Ching Foundation Enables UH to Upgrade Athletics ComplexJuly 19, 2012, 10:51 AM HST · Updated July 19, 10:51 AM 0 Comments
By Rodney S. Yap
Thanks to a $5 million donation the University of Hawaii at Manoa is planning to build the Clarence T.C. Ching Athletics Complex, a three-story building that will provide grandstand seating for approximately 2,500 fans when completed in winter 2013.
A groundbreaking ceremony was held Tuesday on the grounds of the new Clarence T.C. Ching Athletics Complex. Dignitaries including Governor Neil Abercrombie and UH Manoa Chancellor Tom Apple were on hand for the official blessing and ‘o’o ceremony.
“As has been reported both locally and nationally over the past year, our athletics facilities need to be enhanced and upgraded,” said UH Manoa Athletics Director Jim Donovan. “The Clarence T. C. Ching Foundation is leading the way to build a partnership that will help create a facility at the center of the makai campus, that will benefit our student-athletes, student-body, and the community as a whole. I am very grateful for the support.
Construction of the new LEED Certified Building will begin in July 2012, and will rise as a new three-story building on the mauka side of the existing Clarence T.C. Ching Field.
The interior of the building will include offices, locker rooms and a meeting room for women’s soccer, cross country, track and field, and sand volleyball. The complex will also include a sand volleyball venue with 800 seats and two competition courts. In addition, lofted space for future facilities, such as concessions, a ticket office and broadcast booths, will be provided. The entire complex will seat approximately 4,100.
“The Clarence T. C. Ching Foundation is Mr. Ching’s vision realized, creating a longterm funding source for charities and organizations that benefit the people of Hawaii,” said Jack Tsui, chairman of the foundation. “During his lifetime, Mr. Ching was a loyal fan of University of Hawaii athletics. We believe he would be pleased that, through the Clarence T. C. Ching Athletics Complex, the foundation will be supporting team- and leadership-building programs, as well as student wellness, for generations to come.
“The UH Manoa Athletics program has made tremendous strides in recent years,” said former UH Manoa Chancellor Virginia S. Hinshaw. “This investment by the Clarence T. C. Ching Foundation is helping us capture the momentum created by our outstanding year in athletics and moving it outward to our students and the community beyond. Becoming a destination of choice requires investment in facilities, and I couldn’t have asked for a better partner in this than the Ching Foundation.”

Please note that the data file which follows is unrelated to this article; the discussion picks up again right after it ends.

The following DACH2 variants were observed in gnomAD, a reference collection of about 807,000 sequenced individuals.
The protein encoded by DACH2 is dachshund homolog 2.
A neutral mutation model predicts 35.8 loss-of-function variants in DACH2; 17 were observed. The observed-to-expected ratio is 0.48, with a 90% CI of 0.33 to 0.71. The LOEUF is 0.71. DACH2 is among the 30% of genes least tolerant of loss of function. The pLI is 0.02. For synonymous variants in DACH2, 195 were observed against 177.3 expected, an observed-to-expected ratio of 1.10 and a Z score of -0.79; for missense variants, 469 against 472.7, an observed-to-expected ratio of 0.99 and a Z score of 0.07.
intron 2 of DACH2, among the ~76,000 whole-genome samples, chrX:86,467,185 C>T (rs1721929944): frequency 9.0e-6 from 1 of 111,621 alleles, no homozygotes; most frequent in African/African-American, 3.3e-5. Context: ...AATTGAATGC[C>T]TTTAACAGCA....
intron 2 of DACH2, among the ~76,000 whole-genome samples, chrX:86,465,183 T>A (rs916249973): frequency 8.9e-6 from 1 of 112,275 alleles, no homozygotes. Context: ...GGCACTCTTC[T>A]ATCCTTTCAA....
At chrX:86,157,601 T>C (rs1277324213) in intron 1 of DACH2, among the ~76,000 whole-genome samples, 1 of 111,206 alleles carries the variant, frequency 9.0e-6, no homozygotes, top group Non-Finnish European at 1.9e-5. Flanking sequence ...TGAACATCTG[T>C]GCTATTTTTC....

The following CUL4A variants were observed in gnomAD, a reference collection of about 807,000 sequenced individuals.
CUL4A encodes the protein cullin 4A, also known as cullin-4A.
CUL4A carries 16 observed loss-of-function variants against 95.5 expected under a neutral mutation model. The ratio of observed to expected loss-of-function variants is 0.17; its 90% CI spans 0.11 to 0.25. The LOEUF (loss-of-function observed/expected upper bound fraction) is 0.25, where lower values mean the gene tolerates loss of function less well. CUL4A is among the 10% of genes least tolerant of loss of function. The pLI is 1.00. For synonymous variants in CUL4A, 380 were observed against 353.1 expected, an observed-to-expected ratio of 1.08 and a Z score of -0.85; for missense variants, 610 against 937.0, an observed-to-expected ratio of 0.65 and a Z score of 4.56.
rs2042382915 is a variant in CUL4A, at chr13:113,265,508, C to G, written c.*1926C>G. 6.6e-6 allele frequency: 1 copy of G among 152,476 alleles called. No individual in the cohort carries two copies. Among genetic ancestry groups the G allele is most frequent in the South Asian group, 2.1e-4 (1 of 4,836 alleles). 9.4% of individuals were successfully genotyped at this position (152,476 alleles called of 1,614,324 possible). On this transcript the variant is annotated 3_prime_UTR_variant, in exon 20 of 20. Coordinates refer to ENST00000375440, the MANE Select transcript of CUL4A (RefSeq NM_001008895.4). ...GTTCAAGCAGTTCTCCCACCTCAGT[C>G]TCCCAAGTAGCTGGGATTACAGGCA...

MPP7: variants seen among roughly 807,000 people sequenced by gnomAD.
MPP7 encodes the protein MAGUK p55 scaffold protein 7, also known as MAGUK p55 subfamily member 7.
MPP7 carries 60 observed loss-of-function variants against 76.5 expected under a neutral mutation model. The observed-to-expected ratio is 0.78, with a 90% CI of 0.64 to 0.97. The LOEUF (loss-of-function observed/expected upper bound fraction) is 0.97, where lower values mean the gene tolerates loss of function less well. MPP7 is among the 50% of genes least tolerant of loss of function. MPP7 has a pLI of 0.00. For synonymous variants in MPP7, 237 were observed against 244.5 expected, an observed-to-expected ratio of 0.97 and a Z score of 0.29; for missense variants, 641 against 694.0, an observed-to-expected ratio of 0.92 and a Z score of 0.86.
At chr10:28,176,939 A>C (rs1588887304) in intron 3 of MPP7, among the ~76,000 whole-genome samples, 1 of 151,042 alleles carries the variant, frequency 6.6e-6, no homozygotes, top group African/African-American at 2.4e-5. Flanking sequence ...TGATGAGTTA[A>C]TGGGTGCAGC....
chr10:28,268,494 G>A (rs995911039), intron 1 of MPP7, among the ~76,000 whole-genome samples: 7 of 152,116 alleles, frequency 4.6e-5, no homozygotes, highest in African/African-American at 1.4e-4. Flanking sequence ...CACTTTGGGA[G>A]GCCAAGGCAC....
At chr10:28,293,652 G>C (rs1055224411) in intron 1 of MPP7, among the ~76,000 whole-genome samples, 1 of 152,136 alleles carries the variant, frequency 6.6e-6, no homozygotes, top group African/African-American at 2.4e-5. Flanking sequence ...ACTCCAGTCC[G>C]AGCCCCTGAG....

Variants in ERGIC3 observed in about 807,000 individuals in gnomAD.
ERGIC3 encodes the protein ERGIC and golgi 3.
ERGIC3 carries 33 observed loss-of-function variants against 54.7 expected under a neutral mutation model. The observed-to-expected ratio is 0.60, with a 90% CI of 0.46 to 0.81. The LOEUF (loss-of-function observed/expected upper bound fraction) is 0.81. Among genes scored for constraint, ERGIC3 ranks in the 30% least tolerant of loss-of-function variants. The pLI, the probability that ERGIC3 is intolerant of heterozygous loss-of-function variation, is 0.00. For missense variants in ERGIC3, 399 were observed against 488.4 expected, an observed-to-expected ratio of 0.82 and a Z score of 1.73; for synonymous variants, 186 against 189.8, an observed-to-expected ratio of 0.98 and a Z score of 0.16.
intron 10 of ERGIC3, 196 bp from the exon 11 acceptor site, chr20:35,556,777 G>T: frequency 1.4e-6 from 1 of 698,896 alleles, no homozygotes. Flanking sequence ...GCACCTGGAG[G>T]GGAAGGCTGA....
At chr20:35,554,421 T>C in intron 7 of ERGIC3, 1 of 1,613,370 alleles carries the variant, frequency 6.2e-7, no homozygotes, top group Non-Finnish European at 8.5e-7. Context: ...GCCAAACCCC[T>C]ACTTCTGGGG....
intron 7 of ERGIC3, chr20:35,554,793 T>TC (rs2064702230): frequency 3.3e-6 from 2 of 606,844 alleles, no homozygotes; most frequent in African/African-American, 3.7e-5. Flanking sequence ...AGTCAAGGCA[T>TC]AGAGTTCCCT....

The gift will transform Cooke Field, the school’s only on campus, all-purpose track and field, football, soccer, sand volleyball and recreational facility, to more fully realize its potential as a center of student activity.
The funds from the Clarence T. C. Ching Foundation will be used in conjunction with state funding to support the following:
* Development of an athletics facilities master plan
* Enhance athletics facilities on the makai campus including a facility to house and support a wide variety of activities – from band and soccer practice, to intramural sports, and events like the Special Olympics.
“We are delighted and honored to receive such a substantial gift from the Clarence T. C. Ching Foundation,” said David McClain, President of the University of Hawaii System. “The Clarence T. C. Ching Athletics Complex will enhance the experience our students get at UH Manoa, giving students a place to gather to participate in sports, watch those competitions, practices or performances.”
Clarence T.C. Ching, born on Kaua’i in 1912, was a real estate developer, banker, affordable housing pioneer and philanthropist. The 1932 Saint Louis School alumnus became well known for developing the areas around Honolulu Airport, Salt Lake, Moanalua, Fort Shafter and Tripler Medical Center. He built Kukui Gardens, one of the largest affordable rental projects in the state, and actively served on a number of boards, school and community organizations.